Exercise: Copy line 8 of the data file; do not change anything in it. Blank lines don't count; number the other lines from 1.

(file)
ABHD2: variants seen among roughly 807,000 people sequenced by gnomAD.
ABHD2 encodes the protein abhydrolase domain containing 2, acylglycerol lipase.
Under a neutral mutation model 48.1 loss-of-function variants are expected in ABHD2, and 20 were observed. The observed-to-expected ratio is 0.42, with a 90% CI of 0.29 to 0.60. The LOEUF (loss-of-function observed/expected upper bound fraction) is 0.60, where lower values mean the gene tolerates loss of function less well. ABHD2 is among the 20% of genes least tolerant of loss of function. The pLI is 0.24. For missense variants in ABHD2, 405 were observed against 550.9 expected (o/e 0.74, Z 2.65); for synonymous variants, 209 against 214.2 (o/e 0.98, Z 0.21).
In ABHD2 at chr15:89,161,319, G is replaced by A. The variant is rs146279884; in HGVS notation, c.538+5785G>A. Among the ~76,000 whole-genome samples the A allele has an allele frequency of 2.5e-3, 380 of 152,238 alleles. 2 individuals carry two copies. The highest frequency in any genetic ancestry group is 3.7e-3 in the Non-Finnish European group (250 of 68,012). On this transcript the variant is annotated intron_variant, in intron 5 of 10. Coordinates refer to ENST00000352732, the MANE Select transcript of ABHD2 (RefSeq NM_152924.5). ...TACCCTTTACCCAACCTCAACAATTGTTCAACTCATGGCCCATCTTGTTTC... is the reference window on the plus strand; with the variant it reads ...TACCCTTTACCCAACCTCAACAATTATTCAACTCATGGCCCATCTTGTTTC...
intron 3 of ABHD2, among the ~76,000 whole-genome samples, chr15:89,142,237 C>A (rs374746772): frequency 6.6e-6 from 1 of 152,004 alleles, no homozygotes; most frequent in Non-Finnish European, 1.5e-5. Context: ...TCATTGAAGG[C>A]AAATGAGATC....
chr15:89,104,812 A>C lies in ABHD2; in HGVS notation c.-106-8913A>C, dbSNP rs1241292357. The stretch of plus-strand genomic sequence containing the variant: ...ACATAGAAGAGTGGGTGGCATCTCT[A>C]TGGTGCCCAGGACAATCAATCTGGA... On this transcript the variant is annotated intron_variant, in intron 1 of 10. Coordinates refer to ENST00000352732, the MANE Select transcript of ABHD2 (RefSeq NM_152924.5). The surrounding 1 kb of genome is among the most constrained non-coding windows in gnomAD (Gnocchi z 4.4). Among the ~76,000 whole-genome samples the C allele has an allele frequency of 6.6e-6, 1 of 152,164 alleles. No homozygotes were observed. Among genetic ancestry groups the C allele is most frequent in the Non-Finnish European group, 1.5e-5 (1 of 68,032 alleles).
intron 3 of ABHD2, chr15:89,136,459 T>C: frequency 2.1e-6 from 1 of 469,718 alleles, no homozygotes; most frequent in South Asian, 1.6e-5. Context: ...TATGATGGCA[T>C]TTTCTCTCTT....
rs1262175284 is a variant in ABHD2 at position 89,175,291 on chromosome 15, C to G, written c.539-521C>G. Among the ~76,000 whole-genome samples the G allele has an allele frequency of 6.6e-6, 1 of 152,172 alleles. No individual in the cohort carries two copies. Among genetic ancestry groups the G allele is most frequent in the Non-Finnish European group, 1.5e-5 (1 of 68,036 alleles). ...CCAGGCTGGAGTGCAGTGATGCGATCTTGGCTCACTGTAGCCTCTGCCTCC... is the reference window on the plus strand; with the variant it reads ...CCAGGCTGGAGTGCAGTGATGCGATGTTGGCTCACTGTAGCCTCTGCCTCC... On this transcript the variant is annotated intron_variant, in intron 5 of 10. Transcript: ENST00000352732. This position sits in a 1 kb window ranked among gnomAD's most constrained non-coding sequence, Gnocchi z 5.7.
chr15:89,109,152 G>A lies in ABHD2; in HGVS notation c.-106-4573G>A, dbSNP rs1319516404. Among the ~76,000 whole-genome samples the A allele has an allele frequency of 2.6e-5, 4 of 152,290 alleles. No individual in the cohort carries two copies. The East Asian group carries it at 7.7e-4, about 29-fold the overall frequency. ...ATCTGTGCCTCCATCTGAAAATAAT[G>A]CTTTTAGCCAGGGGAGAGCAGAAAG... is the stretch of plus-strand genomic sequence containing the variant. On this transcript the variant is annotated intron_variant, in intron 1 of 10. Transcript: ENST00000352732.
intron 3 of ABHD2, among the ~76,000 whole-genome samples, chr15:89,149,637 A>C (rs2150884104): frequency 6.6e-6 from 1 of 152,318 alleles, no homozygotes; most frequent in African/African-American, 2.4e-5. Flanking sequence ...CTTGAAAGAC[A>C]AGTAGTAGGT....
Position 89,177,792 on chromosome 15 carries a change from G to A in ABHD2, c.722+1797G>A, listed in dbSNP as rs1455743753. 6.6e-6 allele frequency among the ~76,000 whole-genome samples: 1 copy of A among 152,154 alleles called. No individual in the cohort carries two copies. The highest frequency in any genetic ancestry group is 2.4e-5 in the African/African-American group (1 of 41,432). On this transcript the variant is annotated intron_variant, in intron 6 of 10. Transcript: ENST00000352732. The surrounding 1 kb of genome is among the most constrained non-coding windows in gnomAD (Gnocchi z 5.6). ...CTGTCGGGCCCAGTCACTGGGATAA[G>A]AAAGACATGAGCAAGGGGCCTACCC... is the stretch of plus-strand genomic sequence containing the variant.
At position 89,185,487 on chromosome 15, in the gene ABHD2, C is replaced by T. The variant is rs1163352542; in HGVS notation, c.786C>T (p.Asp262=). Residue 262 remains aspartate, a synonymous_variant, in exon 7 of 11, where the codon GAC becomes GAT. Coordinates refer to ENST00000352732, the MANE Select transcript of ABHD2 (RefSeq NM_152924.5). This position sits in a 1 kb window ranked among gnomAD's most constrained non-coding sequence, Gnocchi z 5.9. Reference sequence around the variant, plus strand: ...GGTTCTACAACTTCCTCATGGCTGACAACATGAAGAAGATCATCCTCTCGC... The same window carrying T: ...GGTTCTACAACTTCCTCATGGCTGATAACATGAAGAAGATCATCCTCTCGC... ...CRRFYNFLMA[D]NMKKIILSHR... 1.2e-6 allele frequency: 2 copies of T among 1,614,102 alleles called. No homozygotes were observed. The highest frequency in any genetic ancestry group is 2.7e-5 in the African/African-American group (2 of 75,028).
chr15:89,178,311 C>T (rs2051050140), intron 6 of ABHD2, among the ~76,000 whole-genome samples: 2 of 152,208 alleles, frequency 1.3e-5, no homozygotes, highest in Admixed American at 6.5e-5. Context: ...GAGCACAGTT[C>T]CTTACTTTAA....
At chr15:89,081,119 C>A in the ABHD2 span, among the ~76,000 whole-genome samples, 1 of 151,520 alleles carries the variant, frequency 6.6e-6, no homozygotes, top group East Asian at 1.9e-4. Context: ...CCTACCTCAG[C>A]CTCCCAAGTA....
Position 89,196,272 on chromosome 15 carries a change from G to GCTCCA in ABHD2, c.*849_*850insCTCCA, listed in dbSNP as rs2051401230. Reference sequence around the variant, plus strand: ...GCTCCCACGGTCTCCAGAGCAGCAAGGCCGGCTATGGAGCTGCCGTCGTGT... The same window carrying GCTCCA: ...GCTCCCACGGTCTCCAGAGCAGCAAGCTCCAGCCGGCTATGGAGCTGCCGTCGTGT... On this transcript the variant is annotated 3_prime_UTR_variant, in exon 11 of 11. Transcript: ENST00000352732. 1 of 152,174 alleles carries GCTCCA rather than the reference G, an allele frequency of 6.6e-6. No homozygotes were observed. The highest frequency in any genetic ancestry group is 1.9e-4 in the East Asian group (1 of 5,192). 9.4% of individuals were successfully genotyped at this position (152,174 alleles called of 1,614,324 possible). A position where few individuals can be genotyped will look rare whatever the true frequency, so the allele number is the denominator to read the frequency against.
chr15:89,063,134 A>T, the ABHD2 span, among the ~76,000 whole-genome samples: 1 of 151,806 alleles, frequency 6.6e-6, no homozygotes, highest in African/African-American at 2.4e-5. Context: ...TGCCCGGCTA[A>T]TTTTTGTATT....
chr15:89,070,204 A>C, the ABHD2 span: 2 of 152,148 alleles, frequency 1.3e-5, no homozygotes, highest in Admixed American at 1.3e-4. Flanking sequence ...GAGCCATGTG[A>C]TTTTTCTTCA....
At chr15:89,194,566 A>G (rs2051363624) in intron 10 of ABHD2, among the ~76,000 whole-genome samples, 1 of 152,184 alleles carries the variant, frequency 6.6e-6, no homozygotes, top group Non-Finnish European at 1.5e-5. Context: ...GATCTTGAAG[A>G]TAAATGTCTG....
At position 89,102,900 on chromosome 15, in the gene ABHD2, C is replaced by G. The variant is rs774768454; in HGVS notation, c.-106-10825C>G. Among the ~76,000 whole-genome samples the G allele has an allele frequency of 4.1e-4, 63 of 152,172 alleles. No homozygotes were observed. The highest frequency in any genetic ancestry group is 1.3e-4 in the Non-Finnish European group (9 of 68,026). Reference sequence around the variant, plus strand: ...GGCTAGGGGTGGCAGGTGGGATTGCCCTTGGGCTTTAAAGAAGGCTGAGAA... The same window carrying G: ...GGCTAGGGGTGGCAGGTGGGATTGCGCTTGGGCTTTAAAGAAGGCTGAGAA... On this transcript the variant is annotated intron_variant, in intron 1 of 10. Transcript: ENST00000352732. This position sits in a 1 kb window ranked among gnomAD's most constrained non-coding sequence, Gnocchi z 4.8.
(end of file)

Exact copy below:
rs1262175284 is a variant in ABHD2 at position 89,175,291 on chromosome 15, C to G, written c.539-521C>G. Among the ~76,000 whole-genome samples the G allele has an allele frequency of 6.6e-6, 1 of 152,172 alleles. No individual in the cohort carries two copies. Among genetic ancestry groups the G allele is most frequent in the Non-Finnish European group, 1.5e-5 (1 of 68,036 alleles). ...CCAGGCTGGAGTGCAGTGATGCGATCTTGGCTCACTGTAGCCTCTGCCTCC... is the reference window on the plus strand; with the variant it reads ...CCAGGCTGGAGTGCAGTGATGCGATGTTGGCTCACTGTAGCCTCTGCCTCC... On this transcript the variant is annotated intron_variant, in intron 5 of 10. Transcript: ENST00000352732. This position sits in a 1 kb window ranked among gnomAD's most constrained non-coding sequence, Gnocchi z 5.7.